Derek Fisher Oozes Potential But Has Not Produced
The enigma enveloping 25-year-old outfielder Derek Fisher reached a crescendo in 2018.
Months after scoring the winning run to conclude an epic 13-12 win in Game 5 of the World Series against the Dodgers, Fisher made the first Opening Day roster of his career.
The euphoria lasted just 36 games. Fisher hit .176 with a .641 OPS through his first 81 plate appearances, then went to the disabled list with a mysterious stomach ailment. He complained of an inability to ingest much of anything. Doctors eventually labeled it an allergic reaction.
Once Fisher was activated, he was jettisoned to Triple-A Fresno while Tony Kemp—whom he bested to make the Opening Day roster—authored the breakout season some expected of Fisher.
Fisher returned once in August, went 0-for-5 with five strikeouts and was not heard from again. The 2014 supplemental first-rounder out of Virginia did not even warrant a September callup, ceding his playoff pinch-runner role to rookie Myles Straw.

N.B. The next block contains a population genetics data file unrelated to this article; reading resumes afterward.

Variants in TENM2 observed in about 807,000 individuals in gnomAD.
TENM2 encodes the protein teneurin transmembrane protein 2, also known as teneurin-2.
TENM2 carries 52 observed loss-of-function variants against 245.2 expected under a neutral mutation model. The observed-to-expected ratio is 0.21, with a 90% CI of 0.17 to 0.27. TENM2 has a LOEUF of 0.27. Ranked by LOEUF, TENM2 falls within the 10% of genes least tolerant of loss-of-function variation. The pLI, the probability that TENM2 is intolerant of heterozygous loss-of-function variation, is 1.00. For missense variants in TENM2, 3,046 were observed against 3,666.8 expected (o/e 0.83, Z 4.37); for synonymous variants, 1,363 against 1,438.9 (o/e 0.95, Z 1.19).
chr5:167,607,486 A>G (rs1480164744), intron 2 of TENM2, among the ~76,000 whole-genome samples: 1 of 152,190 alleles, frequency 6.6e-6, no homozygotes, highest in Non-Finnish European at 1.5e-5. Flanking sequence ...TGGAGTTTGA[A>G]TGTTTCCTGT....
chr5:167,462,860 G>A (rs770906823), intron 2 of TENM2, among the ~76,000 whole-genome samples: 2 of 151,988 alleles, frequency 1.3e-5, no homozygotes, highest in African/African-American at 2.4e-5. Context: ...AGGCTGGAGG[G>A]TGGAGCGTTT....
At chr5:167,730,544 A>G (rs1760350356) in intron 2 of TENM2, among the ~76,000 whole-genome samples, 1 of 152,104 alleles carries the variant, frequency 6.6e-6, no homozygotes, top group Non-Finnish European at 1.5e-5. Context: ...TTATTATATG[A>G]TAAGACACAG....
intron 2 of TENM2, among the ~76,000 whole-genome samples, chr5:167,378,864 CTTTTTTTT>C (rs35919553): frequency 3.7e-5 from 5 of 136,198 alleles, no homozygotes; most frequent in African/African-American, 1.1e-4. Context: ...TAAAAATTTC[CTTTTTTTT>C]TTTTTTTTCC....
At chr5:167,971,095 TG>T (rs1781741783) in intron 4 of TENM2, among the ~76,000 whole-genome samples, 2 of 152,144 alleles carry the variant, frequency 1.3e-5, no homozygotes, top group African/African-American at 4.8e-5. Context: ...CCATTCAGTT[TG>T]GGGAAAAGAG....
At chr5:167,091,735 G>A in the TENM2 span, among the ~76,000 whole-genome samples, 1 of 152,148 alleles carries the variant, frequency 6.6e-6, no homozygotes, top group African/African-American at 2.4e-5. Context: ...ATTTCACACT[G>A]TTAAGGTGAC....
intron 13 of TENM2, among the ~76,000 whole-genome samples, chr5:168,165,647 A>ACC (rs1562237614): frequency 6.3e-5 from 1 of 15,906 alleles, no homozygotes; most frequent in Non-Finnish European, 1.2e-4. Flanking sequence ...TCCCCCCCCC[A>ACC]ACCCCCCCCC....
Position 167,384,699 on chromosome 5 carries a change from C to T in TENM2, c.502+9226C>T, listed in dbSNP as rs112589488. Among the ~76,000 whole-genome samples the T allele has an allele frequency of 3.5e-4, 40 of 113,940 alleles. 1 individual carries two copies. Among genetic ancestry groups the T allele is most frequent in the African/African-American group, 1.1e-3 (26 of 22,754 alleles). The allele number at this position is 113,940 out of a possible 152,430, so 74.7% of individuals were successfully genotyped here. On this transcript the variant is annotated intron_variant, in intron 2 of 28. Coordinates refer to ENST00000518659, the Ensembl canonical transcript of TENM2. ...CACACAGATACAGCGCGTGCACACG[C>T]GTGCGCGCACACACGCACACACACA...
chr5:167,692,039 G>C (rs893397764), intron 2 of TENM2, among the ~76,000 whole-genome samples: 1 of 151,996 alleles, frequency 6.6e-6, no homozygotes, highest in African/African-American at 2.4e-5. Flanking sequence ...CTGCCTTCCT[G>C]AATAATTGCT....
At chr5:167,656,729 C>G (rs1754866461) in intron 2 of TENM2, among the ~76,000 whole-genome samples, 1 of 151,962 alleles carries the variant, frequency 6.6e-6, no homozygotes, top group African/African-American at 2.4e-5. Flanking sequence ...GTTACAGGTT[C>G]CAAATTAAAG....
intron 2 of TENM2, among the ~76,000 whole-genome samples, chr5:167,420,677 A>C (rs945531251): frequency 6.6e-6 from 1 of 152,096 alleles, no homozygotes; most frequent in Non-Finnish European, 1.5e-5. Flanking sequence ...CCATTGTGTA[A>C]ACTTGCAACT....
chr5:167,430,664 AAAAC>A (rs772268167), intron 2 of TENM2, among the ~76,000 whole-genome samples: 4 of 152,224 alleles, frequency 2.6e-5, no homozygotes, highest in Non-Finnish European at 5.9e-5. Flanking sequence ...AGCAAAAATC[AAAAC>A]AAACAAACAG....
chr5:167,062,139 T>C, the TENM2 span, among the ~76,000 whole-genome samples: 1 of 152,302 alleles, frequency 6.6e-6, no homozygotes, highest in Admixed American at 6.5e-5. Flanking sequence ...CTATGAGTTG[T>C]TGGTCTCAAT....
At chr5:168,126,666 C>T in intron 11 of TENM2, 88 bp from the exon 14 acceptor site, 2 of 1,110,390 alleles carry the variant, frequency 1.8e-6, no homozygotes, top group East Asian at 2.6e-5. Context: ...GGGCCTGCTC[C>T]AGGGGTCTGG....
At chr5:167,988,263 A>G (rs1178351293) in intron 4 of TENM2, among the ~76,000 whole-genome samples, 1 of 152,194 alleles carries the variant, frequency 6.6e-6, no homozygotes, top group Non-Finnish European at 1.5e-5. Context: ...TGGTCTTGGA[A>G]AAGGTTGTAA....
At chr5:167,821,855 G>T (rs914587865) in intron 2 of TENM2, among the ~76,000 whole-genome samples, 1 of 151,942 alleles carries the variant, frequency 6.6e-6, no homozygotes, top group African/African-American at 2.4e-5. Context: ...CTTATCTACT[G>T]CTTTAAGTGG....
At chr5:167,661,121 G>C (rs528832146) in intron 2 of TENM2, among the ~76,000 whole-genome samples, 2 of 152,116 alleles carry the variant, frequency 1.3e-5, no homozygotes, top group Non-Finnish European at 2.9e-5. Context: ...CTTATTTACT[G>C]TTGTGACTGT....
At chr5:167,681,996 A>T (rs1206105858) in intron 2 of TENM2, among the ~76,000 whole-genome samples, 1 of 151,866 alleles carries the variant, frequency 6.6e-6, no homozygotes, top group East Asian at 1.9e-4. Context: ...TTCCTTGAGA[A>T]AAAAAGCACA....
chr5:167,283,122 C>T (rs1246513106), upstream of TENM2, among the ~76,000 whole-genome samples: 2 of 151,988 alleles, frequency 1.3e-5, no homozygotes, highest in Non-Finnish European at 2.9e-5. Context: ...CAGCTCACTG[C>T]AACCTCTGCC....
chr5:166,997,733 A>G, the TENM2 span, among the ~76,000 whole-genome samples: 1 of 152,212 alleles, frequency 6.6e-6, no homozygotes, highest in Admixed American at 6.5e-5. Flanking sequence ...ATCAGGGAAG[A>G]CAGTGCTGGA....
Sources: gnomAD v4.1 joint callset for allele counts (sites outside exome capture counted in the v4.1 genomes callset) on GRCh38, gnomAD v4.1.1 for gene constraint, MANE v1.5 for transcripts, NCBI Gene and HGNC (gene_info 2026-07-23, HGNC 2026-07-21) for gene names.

"I hope that Fisher comes to spring training in great shape and ready to compete for a job,” general manager Jeff Luhnow said in November. "He’s an incredibly talented prospect and player who just hasn’t demonstrated results at the big league level.”
Potential oozes from the athletic, speedy outfielder. Fisher was the 24th-fastest player in the majors in 2018, according to Statcast's sprint speed metric. He possesses power to all fields with a propensity to pulverize baseballs.
On April 25, Fisher massacred a 425-foot home run off eventual AL Rookie of the Year Shohei Ohtani. Fisher’s 41 percent hard-hit rate topped all Astros hitters by nearly three percent.
A low contact rate has held Fisher back. In 252 career plate appearances, Fisher has struck out 38 percent of the time. That rate bordered on 50 percent in 2018 and hastened his return to the minors.
With Marwin Gonzalez set to depart as a free agent, the Astros could have an opening in left field in 2019. Gonzalez's successor could be homegrown if one of Fisher, Kemp or Kyle Tucker—the system's top position prospect—seizes the job.
"Hopefully Fisher this year establishes himself as a major leaguer,” Luhnow said. "That’s what we’d like to see. We can’t hand him a job—we’re not in that spot—but we can certainly give him a chance to fight for that job.”
• Brock Dykxhoorn, the 6-foot-8 Canadian righthander and 2014 sixth-round pick out of junior college, will spend next season in Korea after signing a $700,000 deal with the league champion SK Wyverns. The Astros granted Dykxhoorn his release to sign overseas. He reached Triple-A Fresno in 2018 and compiled a 4.37 ERA in five pro seasons.